Editor: The film, The Power of Forgiveness, is a documentary about the process of forgiveness. It features interviews with renowned Buddhist teacher Thich Nhat Hanh, Nobel Laureate Elie Wiesel, best-selling authors Thomas Moore and Marianne Williamson and others.
Forgiving is not forgetting, as some have naively thought. Instead, forgiveness is about choosing to remember a hurtful past in a new way. As the narrator describes it in Journey Film’s, The Power of Forgiveness, “When one side feels injustices have never been properly addressed, the memory of that injustice is held firmly and moving on becomes difficult.”
In the United Church of Christ (UCC), we learned this lesson well when, in 1991, our national General Synod issued a formal apology to the people of Hawaii for our church’s “complicity” during the U.S. military’s 19th-century overthrow of the Hawaiian monarch. For the denomination, and for me personally, it was a learning experience about the power and pitfalls when groups of people seek forgiveness.
For generations, the UCC’s Congregational forebears enjoyed a long and complicated relationship with the people and lands of Hawaii. Sadly, they too often confused “the ways of the West with the ways of Christ,” as a past president of the UCC, the Rev. Paul Sherry, aptly described it.
In 1898, Hawaii was annexed
As part of the UCC’s apology, the church paid modest restitution to native Hawaiian congregations and advocacy groups.
But, most visibly, the church organized a major “service of repentance and reconciliation” in January 1993. Attended by more than 10,000 people gathered outside Honolulu’s Iolani Palace, Sherry and thirty other local and national UCC leaders pledged support and advocacy for indigenous Hawaiians. Church leaders then traveled across four islands for area gatherings and worship services. When Sherry spoke the UCC’s words of formal apology, a standing ovation followed.
But some were admittedly skeptical, even unimpressed. “The assumption is that [church leaders] can speak for the actions and apologize for the actions of 100 years ago,” said a native Hawaiian, at the time, to the Honolulu Star-Bulletin. “The whole thing leaves me kind of empty.”
The former ʻIolani Palace, in downtown Honolulu,
I was a pastor in Kentucky, when the 1993 apology was delivered in Hawaii. I remember grappling with how to make this significant denominational event relevant to a congregation that included no Pacific Islander members, nor had any real history with U.S. colonialism. But thankfully the people in my parish, for the most part, wanted to understand and respond to injustice.
Ironically, just as the Hawaii apology was being issued, our church was busy renovating an adjacent building and creating a community-based justice and peace center. One of the project’s financial backers was a Boston-based endowment fund that granted the dollars to us, in part, because it saw the need to give back to justice-related work in Kentucky communities. Unbeknownst to us before making application, this fund was first created decades ago by a prominent New England businessman who had earned his fortunes by profiting from coal mining in Kentucky.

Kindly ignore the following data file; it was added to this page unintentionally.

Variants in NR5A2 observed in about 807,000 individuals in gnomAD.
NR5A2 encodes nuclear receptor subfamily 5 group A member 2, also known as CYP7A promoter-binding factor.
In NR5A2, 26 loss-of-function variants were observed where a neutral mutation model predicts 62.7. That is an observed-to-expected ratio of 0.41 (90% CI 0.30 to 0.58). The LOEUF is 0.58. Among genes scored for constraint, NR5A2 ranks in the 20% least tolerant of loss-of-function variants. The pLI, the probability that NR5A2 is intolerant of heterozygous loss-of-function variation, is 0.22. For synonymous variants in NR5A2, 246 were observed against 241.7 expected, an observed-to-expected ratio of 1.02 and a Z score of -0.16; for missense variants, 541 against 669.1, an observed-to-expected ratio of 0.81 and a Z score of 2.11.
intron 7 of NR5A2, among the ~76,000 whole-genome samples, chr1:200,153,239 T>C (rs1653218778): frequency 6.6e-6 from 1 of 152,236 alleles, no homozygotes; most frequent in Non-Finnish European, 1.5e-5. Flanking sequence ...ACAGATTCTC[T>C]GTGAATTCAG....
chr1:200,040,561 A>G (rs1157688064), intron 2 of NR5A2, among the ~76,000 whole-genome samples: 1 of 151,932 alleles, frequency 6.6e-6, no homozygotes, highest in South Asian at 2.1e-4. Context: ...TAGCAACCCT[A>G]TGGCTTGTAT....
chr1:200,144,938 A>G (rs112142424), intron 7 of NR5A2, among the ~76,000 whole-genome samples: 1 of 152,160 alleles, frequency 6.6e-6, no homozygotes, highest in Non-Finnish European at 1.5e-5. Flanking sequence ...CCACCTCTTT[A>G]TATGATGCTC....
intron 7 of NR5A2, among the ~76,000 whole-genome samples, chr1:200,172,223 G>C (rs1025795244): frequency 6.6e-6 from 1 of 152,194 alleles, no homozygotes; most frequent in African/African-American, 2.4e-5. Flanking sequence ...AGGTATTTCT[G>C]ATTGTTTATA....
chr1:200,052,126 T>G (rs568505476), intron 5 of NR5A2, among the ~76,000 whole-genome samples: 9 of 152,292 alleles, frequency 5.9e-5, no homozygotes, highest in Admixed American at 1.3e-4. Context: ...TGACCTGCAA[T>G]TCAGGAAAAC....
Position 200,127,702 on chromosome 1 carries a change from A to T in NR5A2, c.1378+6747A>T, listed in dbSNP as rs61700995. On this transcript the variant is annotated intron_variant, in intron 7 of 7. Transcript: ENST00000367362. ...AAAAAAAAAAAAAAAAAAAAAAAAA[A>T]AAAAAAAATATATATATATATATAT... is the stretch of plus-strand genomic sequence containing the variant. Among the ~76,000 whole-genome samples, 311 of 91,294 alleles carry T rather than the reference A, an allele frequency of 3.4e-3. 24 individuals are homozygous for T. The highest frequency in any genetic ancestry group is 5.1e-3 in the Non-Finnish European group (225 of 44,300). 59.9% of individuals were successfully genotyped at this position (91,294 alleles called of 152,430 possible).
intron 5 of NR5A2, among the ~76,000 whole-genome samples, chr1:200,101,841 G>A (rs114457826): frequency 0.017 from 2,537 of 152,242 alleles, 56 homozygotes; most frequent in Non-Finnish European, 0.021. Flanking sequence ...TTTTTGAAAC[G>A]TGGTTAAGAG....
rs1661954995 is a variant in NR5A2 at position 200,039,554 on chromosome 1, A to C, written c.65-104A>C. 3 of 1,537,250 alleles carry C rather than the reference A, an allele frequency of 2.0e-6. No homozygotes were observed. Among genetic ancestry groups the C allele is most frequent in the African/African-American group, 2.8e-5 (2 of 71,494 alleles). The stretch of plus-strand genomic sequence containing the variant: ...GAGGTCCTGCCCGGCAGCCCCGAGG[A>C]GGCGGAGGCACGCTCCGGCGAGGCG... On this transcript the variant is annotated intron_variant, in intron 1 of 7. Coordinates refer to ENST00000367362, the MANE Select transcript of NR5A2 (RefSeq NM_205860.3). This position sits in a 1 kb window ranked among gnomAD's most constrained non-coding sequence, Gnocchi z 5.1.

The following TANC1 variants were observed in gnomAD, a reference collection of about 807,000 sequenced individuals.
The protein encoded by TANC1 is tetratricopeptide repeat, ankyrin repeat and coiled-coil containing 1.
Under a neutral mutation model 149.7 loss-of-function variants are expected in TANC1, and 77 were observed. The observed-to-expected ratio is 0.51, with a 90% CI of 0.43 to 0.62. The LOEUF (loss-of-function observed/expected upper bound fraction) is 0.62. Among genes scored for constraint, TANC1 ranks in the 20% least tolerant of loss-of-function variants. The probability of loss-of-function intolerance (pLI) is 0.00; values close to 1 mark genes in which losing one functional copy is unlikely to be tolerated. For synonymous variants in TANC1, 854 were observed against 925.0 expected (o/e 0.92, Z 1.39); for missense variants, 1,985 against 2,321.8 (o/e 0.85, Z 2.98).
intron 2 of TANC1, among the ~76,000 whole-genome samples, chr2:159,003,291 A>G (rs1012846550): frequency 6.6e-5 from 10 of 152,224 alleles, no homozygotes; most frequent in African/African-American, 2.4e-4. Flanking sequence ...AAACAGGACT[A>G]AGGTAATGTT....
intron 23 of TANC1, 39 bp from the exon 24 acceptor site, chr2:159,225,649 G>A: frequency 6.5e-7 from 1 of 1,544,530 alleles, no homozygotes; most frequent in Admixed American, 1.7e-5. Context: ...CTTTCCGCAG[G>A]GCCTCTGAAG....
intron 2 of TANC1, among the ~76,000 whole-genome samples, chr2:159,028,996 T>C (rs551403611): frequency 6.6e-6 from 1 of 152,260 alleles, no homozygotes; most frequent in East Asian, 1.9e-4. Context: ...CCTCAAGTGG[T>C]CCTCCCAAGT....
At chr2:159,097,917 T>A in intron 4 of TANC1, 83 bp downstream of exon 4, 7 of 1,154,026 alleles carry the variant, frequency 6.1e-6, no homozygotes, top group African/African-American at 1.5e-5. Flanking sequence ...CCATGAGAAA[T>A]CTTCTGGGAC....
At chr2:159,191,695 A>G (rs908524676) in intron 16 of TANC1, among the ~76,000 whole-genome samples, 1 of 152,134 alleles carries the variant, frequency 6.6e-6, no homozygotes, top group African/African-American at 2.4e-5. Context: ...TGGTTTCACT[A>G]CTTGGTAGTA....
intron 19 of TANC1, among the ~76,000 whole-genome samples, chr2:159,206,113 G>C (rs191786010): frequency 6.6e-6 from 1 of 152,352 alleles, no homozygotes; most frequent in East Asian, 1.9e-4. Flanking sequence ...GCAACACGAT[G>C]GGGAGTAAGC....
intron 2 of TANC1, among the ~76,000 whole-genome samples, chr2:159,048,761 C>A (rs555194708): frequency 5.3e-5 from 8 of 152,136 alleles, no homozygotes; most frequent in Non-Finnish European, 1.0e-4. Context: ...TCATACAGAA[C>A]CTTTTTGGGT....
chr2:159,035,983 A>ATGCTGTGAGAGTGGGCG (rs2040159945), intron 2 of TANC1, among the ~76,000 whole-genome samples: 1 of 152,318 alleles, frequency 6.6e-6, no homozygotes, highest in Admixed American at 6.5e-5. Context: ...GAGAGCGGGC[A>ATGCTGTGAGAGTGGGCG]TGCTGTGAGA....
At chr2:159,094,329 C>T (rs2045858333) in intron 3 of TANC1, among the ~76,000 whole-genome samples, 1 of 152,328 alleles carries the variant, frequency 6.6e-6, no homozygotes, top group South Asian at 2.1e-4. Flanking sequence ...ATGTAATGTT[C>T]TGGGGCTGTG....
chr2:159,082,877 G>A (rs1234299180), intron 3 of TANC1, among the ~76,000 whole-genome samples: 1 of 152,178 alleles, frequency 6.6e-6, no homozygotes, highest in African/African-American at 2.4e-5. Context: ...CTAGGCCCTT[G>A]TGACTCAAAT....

|Marianne Williamson is a spiritual
teacher, noted author and lecturer.
At the surface, it would seem, there are few parallels between the people of Hawaii and Kentucky, but anytime we look at the impact of economic domination, a similar story is heard over and over, in places around the world. Therefore, as part of our lament for the indigenous people of Hawaii, we remembered, too, how impoverished Kentuckians have been victimized by greedy exploitation. And we pledged to connect the dots, tell the stories, and learn the lessons that forgiveness offers.
Too often, “re-membering” takes years. But, as “The Power of Forgiveness” film shows us, forgiveness is learned. Or even rehearsed, one might say.
Whether it be in the post-9/11 streets of New York City, or the schools of Northern Ireland, or among the families of Pennsylvania’s Amish country, forgiveness, like revenge, is a choice. “It’s not something done once and then it’s done,” as one voice in the documentary teaches. “It’s something you have to do everyday.”
In the film, Marianne Williamson describes forgiveness as both “moral conviction” and “spiritual audacity.” Or, as Thomas Moore teaches, forgiveness comes in its own time, but we create the conditions where forgiveness can occur. It takes time – and hard work.
In the case of the indigenous people of Hawaii, it took the UCC nearly 100 years before the church asked the native Hawaiians for forgiveness. But each time forgiveness is sought and granted we learn more of its value – and our collective need for it.
As the Rev. Jim Forbes states so well, the more we seek forgiveness the more comfort we also find when dispensing it to others. In the process, he says, we come to understand that we “have had to make withdrawals from the bank of grace many, many times.”
(Reprinted by permission. This article was developed for community conversations around “The Power of Forgiveness” by Journey Films. More material is available.)